Transformations of Myth Through Time

Posted on Nov 27, 2012 in Book reviews

Transformations of Myth Through Time by Joseph CambellThis was one of my many fortuitous second-hand finds. I’m lucky to have an endless source of used books as I live just half an hour from Hay-on-Wye, otherwise known as the second-hand book capital of the world!

Anyway, I’ve been meaning to read some of Joseph Campbell’s work for a long while, but this is the first of his books to present itself to me so it must be the right time. Campbell was a well-respected writer and lecturer who specialised in comparative mythology and religion. He is probably most well known for his collected works entitled The Hero with a Thousand Faces, and the conclusions of his extensive research as well as his philosophy of “follow your bliss” has found its way into many self-development and spiritual development teachings.

This book is actually a collection of 13 lectures (I find a spiritual satisfaction in that mystical number and feel that Campbell must have planned that deliberately!) which together trace the development of myths through history and across the world. Beginning with the very origins of myth as humans evolved into Homo Sapiens, through ancient Egypt and Greece, Buddhism, and the Arthurian legends with other important cultures and religions in between, we read about how central elements of myth remain the same no matter where or when we are. The names and appearances may change, but their underlying meaning doesn’t.

We learn that throughout time myth has represented the same yearning of our human consciousness – to feel in harmony and in tune with the universe just as a baby feels completely and naturally at ease with its mother. Mythology’s main purpose is to teach us about the challenges of maintaining this harmonious connection while we are participating in a human society, and how to overcome those challenges. To quote the man himself:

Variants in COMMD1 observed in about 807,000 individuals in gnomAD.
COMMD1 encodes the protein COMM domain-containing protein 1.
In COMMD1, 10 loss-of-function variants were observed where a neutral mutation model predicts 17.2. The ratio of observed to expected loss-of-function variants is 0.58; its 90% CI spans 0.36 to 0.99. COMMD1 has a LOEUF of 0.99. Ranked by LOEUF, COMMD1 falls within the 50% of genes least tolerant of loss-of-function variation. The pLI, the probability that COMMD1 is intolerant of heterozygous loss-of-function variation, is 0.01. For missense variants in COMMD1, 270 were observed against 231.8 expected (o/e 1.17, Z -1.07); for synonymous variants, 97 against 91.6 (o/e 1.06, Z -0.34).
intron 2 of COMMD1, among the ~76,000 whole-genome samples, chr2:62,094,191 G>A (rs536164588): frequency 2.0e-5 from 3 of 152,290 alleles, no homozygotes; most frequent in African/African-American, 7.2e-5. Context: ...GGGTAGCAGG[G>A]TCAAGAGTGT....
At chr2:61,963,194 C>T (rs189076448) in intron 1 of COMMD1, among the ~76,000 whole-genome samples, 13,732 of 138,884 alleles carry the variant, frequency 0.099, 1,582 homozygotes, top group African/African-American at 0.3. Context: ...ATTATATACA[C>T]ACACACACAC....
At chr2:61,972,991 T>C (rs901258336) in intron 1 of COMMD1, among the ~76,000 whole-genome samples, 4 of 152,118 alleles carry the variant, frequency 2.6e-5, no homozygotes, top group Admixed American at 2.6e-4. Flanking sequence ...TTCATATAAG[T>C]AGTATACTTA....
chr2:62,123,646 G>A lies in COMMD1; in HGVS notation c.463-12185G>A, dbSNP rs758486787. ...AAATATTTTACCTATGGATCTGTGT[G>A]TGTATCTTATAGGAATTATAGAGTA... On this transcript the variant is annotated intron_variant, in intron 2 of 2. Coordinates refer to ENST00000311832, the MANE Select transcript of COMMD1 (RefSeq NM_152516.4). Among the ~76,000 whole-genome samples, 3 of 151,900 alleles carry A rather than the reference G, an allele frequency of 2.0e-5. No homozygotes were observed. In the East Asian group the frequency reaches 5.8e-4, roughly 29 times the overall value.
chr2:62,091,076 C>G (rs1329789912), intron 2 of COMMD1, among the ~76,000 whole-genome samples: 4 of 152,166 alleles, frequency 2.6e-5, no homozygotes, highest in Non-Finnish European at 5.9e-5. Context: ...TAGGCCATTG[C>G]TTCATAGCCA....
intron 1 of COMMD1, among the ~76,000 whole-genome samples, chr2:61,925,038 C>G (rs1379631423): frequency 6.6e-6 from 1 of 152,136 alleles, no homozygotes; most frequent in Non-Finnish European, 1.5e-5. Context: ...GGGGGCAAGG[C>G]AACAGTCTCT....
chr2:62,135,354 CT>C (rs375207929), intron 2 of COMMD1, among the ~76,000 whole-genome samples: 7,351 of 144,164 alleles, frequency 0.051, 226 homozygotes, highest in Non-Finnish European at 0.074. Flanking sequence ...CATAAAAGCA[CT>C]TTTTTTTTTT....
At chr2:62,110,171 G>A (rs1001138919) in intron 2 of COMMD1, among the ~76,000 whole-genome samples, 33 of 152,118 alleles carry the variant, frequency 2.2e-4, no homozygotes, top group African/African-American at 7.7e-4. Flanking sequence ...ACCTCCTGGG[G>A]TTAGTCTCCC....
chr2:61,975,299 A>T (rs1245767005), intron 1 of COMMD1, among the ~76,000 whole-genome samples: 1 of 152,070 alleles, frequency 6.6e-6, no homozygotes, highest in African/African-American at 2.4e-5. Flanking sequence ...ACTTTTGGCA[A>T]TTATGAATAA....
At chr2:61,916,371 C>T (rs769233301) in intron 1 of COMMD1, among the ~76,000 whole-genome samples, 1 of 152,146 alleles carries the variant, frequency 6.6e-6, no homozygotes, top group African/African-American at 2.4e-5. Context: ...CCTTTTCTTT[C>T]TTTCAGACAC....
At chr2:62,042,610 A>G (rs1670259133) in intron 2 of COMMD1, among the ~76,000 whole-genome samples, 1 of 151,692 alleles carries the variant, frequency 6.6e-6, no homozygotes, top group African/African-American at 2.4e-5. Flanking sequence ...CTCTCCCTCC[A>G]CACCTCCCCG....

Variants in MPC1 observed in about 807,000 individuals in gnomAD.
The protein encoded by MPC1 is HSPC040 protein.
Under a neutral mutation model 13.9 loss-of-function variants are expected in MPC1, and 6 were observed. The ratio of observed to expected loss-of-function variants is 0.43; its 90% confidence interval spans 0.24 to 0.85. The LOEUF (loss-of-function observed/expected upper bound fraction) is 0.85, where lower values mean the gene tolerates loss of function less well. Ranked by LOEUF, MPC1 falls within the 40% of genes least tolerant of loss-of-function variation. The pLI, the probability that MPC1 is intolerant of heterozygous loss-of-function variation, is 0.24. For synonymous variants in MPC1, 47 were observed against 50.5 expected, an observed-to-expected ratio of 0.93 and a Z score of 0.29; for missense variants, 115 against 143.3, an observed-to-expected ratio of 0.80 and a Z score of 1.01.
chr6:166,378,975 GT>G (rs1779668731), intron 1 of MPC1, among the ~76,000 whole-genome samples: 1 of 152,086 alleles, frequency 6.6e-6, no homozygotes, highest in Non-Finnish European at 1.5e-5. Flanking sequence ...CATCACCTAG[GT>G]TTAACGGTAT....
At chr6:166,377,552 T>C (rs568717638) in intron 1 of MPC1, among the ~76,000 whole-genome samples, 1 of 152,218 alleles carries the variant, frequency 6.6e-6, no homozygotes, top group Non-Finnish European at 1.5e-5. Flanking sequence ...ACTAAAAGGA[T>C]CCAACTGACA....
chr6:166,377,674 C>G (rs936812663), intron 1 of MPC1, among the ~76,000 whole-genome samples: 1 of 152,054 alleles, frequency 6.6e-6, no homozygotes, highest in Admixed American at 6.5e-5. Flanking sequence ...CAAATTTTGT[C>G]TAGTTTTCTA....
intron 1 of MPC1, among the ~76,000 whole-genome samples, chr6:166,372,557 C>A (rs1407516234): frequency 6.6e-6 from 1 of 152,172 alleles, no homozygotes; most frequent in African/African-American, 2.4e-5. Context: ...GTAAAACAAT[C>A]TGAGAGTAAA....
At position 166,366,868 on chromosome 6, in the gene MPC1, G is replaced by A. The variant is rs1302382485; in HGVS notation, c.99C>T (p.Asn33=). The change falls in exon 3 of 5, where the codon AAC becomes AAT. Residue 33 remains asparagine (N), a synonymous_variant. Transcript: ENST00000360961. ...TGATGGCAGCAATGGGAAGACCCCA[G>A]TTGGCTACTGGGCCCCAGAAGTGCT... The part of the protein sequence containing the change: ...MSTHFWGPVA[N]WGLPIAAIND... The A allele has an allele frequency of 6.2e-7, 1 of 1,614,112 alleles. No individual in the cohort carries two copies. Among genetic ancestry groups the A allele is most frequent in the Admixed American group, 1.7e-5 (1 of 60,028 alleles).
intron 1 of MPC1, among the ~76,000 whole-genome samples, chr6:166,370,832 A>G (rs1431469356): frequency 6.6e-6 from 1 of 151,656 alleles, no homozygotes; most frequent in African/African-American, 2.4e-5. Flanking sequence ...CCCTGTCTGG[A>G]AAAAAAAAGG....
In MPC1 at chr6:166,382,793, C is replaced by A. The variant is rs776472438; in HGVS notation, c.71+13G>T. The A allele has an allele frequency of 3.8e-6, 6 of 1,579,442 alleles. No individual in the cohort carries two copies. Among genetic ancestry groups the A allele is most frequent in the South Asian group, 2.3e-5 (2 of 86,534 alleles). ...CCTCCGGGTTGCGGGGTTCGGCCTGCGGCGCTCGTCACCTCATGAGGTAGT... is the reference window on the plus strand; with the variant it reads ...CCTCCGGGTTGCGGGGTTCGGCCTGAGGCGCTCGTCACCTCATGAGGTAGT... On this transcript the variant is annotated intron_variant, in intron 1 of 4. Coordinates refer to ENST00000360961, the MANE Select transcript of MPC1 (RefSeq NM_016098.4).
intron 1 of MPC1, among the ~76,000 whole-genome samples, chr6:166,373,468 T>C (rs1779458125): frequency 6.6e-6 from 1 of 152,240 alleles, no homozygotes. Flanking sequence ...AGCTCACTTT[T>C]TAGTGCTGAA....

“We keep thinking of deity as a kind of fact, somewhere; God as a fact. God is simply our own notion of something that is symbolic of transcendence and mystery. The mystery is what’s important.”

If my description so far makes it sound incredibly dry and boring, let me assure you that this book is anything but. Because they are written as lectures, you can hear Campbell talking to you clearly as you read, and he has a wonderfully wry sense of humour to accompany his awe-inspiring breadth of knowledge. The text is well illustrated with some truly fascinating photographs of sacred sites, artefacts, and symbols, and the chapters (lectures) are just the right length so you can read one and allow it to settle in your mind before moving on to the next. Along the way you gain an easy, approachable introduction to the secrets of all the major world religions, and an appreciation of the societies that shaped them and why. This one is going to stay on my shelf and be referred to time and again, and you can still buy it new on Amazon if you click the picture.

As a child, I could never understand why people fought over which God they worshipped, or how they worshipped Him/Her. I felt an inner certainty that they were all paths to the same destination; I thought it was obvious but had no way of proving it. For those who don’t see this basic truth, I challenge them to read¬†Transformations of Myth Through Time and still feel the same. Thank you Joseph Campbell for proving to the adult what the child knew in innocence (inner-sense).

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Semele Xerri

© Semele Xerri is a psychic intuitive guide, healer, animal communicator, and Reiki Master Teacher. To find out more about her and her services, go to her Work with me page.

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